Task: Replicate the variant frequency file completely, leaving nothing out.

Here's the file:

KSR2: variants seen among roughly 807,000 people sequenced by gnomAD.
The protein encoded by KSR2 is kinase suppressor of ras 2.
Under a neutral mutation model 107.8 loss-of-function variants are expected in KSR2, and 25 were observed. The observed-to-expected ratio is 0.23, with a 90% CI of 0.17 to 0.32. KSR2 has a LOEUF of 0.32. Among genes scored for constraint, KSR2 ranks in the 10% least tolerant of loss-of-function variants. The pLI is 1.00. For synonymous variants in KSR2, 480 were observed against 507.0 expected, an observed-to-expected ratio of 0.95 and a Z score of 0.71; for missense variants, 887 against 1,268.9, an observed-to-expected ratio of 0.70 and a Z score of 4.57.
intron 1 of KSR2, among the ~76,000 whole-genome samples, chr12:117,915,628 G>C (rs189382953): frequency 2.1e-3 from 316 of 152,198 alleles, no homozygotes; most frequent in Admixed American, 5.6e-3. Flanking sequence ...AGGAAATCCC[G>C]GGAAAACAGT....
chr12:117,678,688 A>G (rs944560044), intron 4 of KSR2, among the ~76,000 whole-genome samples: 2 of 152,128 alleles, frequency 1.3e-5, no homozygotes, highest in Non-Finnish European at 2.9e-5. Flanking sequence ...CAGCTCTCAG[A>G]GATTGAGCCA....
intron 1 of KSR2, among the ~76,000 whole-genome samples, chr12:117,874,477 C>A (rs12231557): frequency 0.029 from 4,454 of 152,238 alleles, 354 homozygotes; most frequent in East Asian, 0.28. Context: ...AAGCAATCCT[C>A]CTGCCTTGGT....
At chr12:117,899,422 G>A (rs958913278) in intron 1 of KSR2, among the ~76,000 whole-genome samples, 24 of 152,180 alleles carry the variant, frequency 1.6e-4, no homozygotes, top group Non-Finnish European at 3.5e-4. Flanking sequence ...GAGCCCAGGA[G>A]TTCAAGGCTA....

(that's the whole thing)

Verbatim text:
KSR2: variants seen among roughly 807,000 people sequenced by gnomAD.
The protein encoded by KSR2 is kinase suppressor of ras 2.
Under a neutral mutation model 107.8 loss-of-function variants are expected in KSR2, and 25 were observed. The observed-to-expected ratio is 0.23, with a 90% CI of 0.17 to 0.32. KSR2 has a LOEUF of 0.32. Among genes scored for constraint, KSR2 ranks in the 10% least tolerant of loss-of-function variants. The pLI is 1.00. For synonymous variants in KSR2, 480 were observed against 507.0 expected, an observed-to-expected ratio of 0.95 and a Z score of 0.71; for missense variants, 887 against 1,268.9, an observed-to-expected ratio of 0.70 and a Z score of 4.57.
intron 1 of KSR2, among the ~76,000 whole-genome samples, chr12:117,915,628 G>C (rs189382953): frequency 2.1e-3 from 316 of 152,198 alleles, no homozygotes; most frequent in Admixed American, 5.6e-3. Flanking sequence ...AGGAAATCCC[G>C]GGAAAACAGT....
chr12:117,678,688 A>G (rs944560044), intron 4 of KSR2, among the ~76,000 whole-genome samples: 2 of 152,128 alleles, frequency 1.3e-5, no homozygotes, highest in Non-Finnish European at 2.9e-5. Flanking sequence ...CAGCTCTCAG[A>G]GATTGAGCCA....
intron 1 of KSR2, among the ~76,000 whole-genome samples, chr12:117,874,477 C>A (rs12231557): frequency 0.029 from 4,454 of 152,238 alleles, 354 homozygotes; most frequent in East Asian, 0.28. Context: ...AAGCAATCCT[C>A]CTGCCTTGGT....
At chr12:117,899,422 G>A (rs958913278) in intron 1 of KSR2, among the ~76,000 whole-genome samples, 24 of 152,180 alleles carry the variant, frequency 1.6e-4, no homozygotes, top group Non-Finnish European at 3.5e-4. Flanking sequence ...GAGCCCAGGA[G>A]TTCAAGGCTA....